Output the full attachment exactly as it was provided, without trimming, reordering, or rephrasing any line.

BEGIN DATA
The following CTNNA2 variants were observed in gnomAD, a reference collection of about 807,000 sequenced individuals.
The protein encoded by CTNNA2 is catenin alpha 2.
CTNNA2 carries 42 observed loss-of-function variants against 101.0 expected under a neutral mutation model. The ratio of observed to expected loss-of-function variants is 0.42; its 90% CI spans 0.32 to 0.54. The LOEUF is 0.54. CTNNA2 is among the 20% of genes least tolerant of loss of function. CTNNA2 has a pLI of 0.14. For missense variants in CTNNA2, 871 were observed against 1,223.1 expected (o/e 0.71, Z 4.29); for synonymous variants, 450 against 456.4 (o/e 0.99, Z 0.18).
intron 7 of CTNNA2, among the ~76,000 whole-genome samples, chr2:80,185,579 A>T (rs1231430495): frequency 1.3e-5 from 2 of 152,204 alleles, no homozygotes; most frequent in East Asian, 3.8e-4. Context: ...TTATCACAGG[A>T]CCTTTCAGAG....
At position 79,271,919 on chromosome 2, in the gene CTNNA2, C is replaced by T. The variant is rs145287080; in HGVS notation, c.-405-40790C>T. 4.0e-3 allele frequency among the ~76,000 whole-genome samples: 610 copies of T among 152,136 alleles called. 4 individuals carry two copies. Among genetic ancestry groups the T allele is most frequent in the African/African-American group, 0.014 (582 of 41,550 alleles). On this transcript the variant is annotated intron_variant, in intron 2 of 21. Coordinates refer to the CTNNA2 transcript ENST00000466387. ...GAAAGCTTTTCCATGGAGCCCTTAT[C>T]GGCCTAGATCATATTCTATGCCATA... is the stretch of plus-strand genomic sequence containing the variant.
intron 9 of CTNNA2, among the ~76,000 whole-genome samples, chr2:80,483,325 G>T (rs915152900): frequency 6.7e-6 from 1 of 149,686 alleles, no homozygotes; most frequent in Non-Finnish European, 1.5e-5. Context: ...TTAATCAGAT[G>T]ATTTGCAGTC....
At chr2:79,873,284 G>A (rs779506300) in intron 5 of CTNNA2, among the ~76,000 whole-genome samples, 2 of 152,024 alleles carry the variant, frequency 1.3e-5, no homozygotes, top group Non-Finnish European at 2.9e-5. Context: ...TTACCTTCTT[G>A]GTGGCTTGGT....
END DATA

The following CTNNA2 variants were observed in gnomAD, a reference collection of about 807,000 sequenced individuals.
The protein encoded by CTNNA2 is catenin alpha 2.
CTNNA2 carries 42 observed loss-of-function variants against 101.0 expected under a neutral mutation model. The ratio of observed to expected loss-of-function variants is 0.42; its 90% CI spans 0.32 to 0.54. The LOEUF is 0.54. CTNNA2 is among the 20% of genes least tolerant of loss of function. CTNNA2 has a pLI of 0.14. For missense variants in CTNNA2, 871 were observed against 1,223.1 expected (o/e 0.71, Z 4.29); for synonymous variants, 450 against 456.4 (o/e 0.99, Z 0.18).
intron 7 of CTNNA2, among the ~76,000 whole-genome samples, chr2:80,185,579 A>T (rs1231430495): frequency 1.3e-5 from 2 of 152,204 alleles, no homozygotes; most frequent in East Asian, 3.8e-4. Context: ...TTATCACAGG[A>T]CCTTTCAGAG....
At position 79,271,919 on chromosome 2, in the gene CTNNA2, C is replaced by T. The variant is rs145287080; in HGVS notation, c.-405-40790C>T. 4.0e-3 allele frequency among the ~76,000 whole-genome samples: 610 copies of T among 152,136 alleles called. 4 individuals carry two copies. Among genetic ancestry groups the T allele is most frequent in the African/African-American group, 0.014 (582 of 41,550 alleles). On this transcript the variant is annotated intron_variant, in intron 2 of 21. Coordinates refer to the CTNNA2 transcript ENST00000466387. ...GAAAGCTTTTCCATGGAGCCCTTAT[C>T]GGCCTAGATCATATTCTATGCCATA... is the stretch of plus-strand genomic sequence containing the variant.
intron 9 of CTNNA2, among the ~76,000 whole-genome samples, chr2:80,483,325 G>T (rs915152900): frequency 6.7e-6 from 1 of 149,686 alleles, no homozygotes; most frequent in Non-Finnish European, 1.5e-5. Context: ...TTAATCAGAT[G>T]ATTTGCAGTC....
At chr2:79,873,284 G>A (rs779506300) in intron 5 of CTNNA2, among the ~76,000 whole-genome samples, 2 of 152,024 alleles carry the variant, frequency 1.3e-5, no homozygotes, top group Non-Finnish European at 2.9e-5. Context: ...TTACCTTCTT[G>A]GTGGCTTGGT....